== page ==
It’s a successful little ecosystem, but exceptional; most Africans don’t have access to Kijabe’s level of medical care. Life expectancy in Kenya is 62 years, on the rebound from an HIV/AIDS-related low of 55 years in 2009. Dr. Newton says the critical focus now must be on health care—basic things such as immunization and mosquito nets—and surgery, estimating sub-Saharan Africa’s surgical and anesthesia-related mortality rates to be among the highest in the world.
Obstetrics also remains a “big killer.” At 360 deaths per 100,000 live births, Kenya’s maternal mortality rate is below the sub-Saharan average, but the majority of those deaths are caused by preventable conditions such as severe bleeding, obstructed labor and infection.
In this context, Dr. Newton believes the most significant contribution he can make is in education and building local capabilities.
“We need to build infrastructure to train African doctors and to promote local talent,” he said. International exchanges are fruitful, but they aren’t available to most Africans and training received abroad is only partly applicable. Dr. Newton estimated that one-third of the curriculum taught at Vanderbilt would not apply in a typical African medical setting, where surgeries are commonly performed without oxygen or anesthetic machines.
Far more useful, he said, is to train nurses and physicians at Kijabe and send them into the field to train others. Through a substantial grant he recently received from the GE Foundation’s Developing Health Globally program, he has been able to offer several training programs to local anesthetic providers. The programs include a “train the trainer” component to ensure that the skills learned are disseminated further. On graduation, trainees are given a tool kit that includes a stethoscope, laryngoscope set and pulse oximeter. Dr. Newton estimates that through the multiplier effect, Kijabe makes possible roughly 30,000 administrations of anesthetics each year.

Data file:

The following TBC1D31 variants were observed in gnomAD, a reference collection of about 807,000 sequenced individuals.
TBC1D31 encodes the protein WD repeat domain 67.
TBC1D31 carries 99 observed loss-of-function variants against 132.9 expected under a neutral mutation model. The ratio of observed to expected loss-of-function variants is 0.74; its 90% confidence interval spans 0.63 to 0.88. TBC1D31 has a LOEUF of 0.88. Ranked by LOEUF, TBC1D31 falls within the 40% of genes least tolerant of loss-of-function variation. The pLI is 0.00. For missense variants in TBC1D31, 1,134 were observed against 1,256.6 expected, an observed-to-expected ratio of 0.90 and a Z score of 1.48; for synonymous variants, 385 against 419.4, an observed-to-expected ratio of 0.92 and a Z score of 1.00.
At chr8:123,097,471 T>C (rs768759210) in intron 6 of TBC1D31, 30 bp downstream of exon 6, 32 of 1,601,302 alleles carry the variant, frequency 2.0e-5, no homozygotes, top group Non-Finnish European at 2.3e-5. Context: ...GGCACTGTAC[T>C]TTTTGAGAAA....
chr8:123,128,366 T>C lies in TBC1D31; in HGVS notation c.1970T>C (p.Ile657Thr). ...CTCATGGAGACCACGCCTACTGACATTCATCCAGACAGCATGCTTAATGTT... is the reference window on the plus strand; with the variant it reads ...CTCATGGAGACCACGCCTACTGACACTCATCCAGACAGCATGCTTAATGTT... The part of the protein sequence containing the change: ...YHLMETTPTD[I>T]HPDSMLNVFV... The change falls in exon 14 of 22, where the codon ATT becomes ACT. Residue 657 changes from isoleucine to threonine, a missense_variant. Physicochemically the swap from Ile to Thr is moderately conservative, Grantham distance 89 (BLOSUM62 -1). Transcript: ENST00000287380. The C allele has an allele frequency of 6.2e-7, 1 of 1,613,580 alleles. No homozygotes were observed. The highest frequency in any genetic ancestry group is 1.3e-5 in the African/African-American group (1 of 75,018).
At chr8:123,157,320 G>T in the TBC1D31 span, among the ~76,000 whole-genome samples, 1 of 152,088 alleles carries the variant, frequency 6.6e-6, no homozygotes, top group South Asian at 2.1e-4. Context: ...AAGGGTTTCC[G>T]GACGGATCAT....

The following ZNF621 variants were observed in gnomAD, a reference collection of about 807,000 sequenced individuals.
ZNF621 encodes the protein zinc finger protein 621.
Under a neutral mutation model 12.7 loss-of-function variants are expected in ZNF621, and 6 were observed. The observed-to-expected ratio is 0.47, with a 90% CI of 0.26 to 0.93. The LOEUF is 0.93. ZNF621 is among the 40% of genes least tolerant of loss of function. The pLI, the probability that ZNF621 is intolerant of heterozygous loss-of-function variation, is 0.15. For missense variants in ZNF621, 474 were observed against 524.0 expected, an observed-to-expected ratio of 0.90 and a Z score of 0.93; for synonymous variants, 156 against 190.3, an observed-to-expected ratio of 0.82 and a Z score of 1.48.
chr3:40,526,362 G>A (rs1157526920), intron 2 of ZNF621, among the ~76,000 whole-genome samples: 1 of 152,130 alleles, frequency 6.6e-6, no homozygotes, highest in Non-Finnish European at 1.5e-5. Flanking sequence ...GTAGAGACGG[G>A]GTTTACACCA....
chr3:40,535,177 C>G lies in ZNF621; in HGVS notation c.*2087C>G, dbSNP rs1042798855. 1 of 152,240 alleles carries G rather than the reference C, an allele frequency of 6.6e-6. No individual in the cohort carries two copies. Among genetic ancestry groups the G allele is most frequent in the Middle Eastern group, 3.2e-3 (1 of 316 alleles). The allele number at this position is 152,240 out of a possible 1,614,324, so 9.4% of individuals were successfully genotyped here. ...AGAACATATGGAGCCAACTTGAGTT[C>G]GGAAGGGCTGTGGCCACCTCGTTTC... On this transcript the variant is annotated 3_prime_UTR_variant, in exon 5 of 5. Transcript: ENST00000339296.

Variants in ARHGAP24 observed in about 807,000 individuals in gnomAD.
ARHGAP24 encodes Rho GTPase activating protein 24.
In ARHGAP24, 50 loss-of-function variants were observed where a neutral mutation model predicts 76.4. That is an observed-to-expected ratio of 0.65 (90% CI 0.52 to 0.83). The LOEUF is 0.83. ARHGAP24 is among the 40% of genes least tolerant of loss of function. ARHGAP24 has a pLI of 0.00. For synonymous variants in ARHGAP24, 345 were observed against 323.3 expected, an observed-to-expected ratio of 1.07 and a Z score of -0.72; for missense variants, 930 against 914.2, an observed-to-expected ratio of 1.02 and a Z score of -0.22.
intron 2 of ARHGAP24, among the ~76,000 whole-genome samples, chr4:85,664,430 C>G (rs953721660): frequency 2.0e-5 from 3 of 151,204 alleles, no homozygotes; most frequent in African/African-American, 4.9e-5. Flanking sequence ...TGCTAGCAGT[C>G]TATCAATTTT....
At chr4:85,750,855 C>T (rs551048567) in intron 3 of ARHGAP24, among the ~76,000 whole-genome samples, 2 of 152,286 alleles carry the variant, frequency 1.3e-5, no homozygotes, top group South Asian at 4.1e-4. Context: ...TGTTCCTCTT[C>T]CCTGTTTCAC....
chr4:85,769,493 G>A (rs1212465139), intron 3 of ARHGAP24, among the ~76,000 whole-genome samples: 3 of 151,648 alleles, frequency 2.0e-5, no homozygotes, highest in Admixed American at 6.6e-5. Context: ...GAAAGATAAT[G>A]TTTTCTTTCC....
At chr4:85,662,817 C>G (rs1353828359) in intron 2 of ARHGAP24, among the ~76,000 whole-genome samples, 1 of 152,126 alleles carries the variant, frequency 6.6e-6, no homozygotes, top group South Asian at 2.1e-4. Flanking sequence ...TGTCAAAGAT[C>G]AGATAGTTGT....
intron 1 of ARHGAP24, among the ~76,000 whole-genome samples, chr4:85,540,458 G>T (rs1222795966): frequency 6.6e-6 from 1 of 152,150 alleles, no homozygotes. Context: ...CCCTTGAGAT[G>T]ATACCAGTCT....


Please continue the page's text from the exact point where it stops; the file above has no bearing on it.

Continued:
Dr. Newton keeps in touch with the people who he trains. Among them are registered nurses who have worked through the horrors of the civil war in southern Sudan, and surgeons who have had to conduct cesarean deliveries without a trained anesthesia care provider or use syringes to create suction to resuscitate a newborn in the absence of suction machines.
“These are the MacGyvers of anesthesiology,” he said, deeply impressed by the resourcefulness of local physicians and nurses. “Top, skilled American doctors would have real trouble in these situations.”
Understandably, Dr. Newton gets frustrated when he returns to the United States and hears the general level of discontent and griping. “There’s a huge cultural difference in attitudes. In general, Africans are so extremely grateful for the health care they receive,” he said.
The glaring asymmetry of global health care is ever present in Dr. Newton’s work. He cites the fact that in the United States, there is one pediatric surgeon for every 150,000 children under the age of 17 years, whereas the country of Malawi, with a population of 6 million children, gets by with a single one.
Dr. Newton remains undaunted, however, likening the work he does at Kijabe to a marathon. It’s this simple, he said: “The way to change severe poverty here is through medical education.”